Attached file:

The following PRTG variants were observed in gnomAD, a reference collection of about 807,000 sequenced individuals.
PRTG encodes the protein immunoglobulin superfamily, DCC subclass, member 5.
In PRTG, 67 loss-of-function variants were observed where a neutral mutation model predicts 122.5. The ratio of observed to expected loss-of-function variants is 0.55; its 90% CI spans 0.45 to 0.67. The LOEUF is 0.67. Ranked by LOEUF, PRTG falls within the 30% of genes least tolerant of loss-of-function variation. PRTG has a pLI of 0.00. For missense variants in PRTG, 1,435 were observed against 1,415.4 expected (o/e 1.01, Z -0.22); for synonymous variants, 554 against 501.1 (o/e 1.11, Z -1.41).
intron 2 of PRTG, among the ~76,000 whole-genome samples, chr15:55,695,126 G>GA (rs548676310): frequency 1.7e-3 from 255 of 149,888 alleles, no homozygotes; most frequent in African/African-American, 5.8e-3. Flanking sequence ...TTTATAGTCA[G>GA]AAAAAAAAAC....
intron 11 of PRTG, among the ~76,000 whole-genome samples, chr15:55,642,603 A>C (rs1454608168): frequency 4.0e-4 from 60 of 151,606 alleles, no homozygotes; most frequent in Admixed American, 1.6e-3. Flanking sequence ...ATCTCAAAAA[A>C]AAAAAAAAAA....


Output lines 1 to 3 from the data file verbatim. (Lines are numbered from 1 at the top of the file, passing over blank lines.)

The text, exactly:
The following PRTG variants were observed in gnomAD, a reference collection of about 807,000 sequenced individuals.
PRTG encodes the protein immunoglobulin superfamily, DCC subclass, member 5.
In PRTG, 67 loss-of-function variants were observed where a neutral mutation model predicts 122.5. The ratio of observed to expected loss-of-function variants is 0.55; its 90% CI spans 0.45 to 0.67. The LOEUF is 0.67. Ranked by LOEUF, PRTG falls within the 30% of genes least tolerant of loss-of-function variation. PRTG has a pLI of 0.00. For missense variants in PRTG, 1,435 were observed against 1,415.4 expected (o/e 1.01, Z -0.22); for synonymous variants, 554 against 501.1 (o/e 1.11, Z -1.41).